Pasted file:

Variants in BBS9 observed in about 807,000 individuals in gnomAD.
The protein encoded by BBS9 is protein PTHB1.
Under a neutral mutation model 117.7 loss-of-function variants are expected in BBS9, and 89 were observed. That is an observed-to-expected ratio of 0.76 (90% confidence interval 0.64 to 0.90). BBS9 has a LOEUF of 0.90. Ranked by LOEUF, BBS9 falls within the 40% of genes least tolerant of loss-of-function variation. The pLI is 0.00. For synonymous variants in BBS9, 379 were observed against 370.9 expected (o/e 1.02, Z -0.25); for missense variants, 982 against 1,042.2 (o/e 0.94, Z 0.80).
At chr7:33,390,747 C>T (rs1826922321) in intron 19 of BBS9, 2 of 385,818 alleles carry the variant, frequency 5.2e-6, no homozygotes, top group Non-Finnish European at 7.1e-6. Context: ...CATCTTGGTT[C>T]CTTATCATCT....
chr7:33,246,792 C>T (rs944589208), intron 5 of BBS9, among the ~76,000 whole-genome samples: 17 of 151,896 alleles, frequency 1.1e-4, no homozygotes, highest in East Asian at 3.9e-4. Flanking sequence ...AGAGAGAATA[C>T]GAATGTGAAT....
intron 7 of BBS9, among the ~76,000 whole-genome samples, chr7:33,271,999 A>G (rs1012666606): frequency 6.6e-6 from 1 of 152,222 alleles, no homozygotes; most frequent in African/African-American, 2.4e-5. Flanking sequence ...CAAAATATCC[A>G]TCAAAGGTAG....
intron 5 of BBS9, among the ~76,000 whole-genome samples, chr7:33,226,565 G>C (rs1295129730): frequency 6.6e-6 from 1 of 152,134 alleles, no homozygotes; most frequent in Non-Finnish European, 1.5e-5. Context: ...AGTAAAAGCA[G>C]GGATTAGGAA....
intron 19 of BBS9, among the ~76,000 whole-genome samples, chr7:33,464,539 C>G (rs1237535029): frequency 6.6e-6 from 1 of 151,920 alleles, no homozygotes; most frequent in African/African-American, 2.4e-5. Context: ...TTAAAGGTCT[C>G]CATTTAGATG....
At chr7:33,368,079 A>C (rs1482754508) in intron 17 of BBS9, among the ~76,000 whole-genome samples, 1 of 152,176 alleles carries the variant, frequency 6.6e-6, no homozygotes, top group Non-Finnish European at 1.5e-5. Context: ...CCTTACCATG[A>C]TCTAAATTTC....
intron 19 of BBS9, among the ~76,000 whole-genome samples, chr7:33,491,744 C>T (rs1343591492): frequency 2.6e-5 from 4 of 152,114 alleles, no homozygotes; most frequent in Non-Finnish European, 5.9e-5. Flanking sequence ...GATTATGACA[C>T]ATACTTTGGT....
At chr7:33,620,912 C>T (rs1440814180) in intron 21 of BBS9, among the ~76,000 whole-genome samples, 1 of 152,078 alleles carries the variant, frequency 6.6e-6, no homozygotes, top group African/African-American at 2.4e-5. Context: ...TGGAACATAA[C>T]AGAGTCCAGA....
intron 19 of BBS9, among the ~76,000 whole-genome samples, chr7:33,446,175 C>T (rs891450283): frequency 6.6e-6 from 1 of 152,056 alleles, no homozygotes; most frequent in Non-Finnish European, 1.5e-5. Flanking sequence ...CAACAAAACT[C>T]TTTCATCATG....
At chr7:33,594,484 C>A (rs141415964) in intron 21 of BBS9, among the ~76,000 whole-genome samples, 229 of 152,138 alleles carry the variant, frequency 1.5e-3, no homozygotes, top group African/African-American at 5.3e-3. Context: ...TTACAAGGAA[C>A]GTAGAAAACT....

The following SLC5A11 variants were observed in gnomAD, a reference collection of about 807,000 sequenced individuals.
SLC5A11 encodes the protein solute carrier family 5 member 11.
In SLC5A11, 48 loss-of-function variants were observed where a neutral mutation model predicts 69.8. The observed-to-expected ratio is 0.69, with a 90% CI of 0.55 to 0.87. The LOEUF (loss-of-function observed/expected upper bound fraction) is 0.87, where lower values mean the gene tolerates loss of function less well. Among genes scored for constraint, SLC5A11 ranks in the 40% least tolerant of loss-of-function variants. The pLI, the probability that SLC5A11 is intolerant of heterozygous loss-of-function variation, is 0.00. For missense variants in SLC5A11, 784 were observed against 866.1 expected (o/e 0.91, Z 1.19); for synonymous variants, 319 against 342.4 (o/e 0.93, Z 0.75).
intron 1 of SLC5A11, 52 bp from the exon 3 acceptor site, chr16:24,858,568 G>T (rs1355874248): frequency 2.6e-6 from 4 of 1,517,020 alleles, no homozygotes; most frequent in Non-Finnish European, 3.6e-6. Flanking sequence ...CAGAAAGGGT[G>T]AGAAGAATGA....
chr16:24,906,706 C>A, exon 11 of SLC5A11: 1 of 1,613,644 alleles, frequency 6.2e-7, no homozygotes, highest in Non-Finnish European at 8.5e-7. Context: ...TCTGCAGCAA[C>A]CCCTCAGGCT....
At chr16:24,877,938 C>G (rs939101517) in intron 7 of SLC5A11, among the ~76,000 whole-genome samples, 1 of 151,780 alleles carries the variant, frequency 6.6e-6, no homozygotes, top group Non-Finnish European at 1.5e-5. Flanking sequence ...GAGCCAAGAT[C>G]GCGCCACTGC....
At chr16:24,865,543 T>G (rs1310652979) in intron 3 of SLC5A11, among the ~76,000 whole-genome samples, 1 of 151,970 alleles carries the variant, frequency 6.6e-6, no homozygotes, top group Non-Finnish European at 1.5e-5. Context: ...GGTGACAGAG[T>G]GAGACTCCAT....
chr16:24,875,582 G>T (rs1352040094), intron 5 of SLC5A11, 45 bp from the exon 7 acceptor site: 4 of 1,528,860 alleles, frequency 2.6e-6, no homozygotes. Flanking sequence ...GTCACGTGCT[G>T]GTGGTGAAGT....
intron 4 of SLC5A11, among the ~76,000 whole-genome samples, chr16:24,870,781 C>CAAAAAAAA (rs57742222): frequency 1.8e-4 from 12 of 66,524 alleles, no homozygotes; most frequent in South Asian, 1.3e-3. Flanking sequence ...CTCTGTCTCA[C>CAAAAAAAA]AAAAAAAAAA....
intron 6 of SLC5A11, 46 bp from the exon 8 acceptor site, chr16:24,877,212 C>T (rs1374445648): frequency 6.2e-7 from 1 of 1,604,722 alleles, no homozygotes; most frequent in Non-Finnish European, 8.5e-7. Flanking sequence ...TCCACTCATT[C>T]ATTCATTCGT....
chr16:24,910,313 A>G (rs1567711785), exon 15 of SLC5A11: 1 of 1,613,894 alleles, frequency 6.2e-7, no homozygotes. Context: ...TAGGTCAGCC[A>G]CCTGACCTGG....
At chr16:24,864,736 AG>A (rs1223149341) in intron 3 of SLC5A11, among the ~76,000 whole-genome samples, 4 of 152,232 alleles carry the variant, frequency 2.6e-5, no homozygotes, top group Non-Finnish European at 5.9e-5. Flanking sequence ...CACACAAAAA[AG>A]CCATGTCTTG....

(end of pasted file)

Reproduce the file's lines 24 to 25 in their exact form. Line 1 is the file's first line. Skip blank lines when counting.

chr16:24,910,313 A>G (rs1567711785), exon 15 of SLC5A11: 1 of 1,613,894 alleles, frequency 6.2e-7, no homozygotes. Context: ...TAGGTCAGCC[A>G]CCTGACCTGG....
At chr16:24,864,736 AG>A (rs1223149341) in intron 3 of SLC5A11, among the ~76,000 whole-genome samples, 4 of 152,232 alleles carry the variant, frequency 2.6e-5, no homozygotes, top group Non-Finnish European at 5.9e-5. Flanking sequence ...CACACAAAAA[AG>A]CCATGTCTTG....